Do Americans Trust the Media? Research Shows It’s Complicated

We’ve all seen the headlines – trust in the media is at a low point. According to Reuters Institute’s 2021 Digital News Report, only 29% of Americans say that they trust the media. This is, as they say, big if true. After all, if people don’t trust the news, why would any business bother working with the media?

Of course, like so many rumors that circulate on social media, a little bit of investigation reveals that there’s much more to this story. A recent Buzz Bin post examined the paradox that while trust in the media is low, Google rankings and TV ratings for news media remain high.

Which leads us to wonder, what’s really going on here? Digging further into the data gathered by Reuters, we find something interesting: while only 29% of respondents say they trust “news overall,” 44% of respondents say they trust the news they consume. Moreover, when asked about specific news outlets, legacy news brands like CBS, ABC and The Wall Street Journal had trust levels of 46-48%. Fairing best of all was local TV news, with 58% of respondents indicating trust and only 20% indicating a lack of trust.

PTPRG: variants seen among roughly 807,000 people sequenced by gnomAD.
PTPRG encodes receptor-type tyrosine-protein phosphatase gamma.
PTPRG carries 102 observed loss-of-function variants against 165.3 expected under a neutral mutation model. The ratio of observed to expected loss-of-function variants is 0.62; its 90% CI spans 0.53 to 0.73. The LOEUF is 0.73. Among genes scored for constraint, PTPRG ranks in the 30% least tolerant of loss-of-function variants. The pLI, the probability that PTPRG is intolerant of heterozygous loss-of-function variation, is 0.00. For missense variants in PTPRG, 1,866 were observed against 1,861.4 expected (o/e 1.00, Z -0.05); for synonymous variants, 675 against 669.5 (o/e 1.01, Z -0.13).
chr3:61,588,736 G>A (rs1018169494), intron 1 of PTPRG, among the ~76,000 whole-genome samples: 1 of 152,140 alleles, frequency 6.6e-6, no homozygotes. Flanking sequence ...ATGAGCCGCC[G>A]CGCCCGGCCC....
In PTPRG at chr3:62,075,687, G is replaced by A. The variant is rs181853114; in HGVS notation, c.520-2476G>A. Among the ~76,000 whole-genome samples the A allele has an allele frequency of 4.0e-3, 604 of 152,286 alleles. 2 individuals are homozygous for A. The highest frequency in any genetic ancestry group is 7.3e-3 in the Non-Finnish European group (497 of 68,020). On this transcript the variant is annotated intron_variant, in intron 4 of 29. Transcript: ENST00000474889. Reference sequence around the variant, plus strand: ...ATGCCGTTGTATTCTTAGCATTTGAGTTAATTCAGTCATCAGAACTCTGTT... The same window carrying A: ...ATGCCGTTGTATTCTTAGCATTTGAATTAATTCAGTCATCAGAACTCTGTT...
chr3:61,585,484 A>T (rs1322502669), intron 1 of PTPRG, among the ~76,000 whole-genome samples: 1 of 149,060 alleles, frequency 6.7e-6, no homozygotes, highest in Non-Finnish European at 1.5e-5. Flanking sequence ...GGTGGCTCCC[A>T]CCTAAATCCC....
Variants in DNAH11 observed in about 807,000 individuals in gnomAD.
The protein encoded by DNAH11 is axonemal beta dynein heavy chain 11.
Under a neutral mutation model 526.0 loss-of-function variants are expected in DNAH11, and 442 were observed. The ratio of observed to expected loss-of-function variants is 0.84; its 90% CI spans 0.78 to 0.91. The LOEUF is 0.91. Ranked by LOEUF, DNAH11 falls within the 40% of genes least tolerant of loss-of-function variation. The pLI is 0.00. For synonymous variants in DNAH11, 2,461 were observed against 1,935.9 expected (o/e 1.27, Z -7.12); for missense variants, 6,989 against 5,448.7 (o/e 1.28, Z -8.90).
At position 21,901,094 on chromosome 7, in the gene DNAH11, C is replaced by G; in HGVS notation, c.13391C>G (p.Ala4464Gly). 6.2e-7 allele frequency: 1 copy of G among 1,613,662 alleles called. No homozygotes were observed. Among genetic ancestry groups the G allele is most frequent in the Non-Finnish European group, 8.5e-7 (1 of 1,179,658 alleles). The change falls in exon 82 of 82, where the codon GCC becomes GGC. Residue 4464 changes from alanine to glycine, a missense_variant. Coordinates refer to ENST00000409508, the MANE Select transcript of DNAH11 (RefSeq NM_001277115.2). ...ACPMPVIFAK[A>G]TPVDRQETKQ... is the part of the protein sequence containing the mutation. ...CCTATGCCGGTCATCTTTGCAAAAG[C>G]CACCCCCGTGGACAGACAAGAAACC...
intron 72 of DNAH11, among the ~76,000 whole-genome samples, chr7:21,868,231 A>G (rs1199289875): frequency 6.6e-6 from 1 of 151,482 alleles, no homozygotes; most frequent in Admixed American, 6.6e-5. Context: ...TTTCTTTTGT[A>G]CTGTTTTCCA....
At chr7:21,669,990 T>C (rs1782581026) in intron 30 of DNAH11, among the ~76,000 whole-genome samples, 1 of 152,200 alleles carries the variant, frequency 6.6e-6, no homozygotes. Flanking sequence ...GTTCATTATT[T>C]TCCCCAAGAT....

Meanwhile, the Pew Research Center’s evaluation of media attitudes in America reports that 58% of U.S. adults “have at least some trust in the information that comes from national news organizations.” And again, local news ranks high, with 75% of respondents citing some level of trust in their local news outlets. Compare this to Pew’s findings on social media: only 27% of Americans say they have at least “some trust” in what they read on social networking sites!

So, what exactly does this all mean for companies hoping to gain positive media exposure?

First, reports of the death of earned media have been (or rather, continue to be) greatly exaggerated. People are continuing to consume, interact with and yes, even trust the media in many circumstances.

Second, and more importantly, finding the right media to reach your target audience and stakeholders is more crucial than ever. Every CEO wants to see their company’s name in a national headline (well, unless it’s due to a crisis), so finding a local connection and working with local media might be a better approach. Relying on social alone may still garner a lot of eyeballs, but those views might come with a hearty dose of skepticism.

Despite industry ups and downs, finding the right media and bringing the right balance of earned media to the PESO model will continue to be crucial for marketing success.

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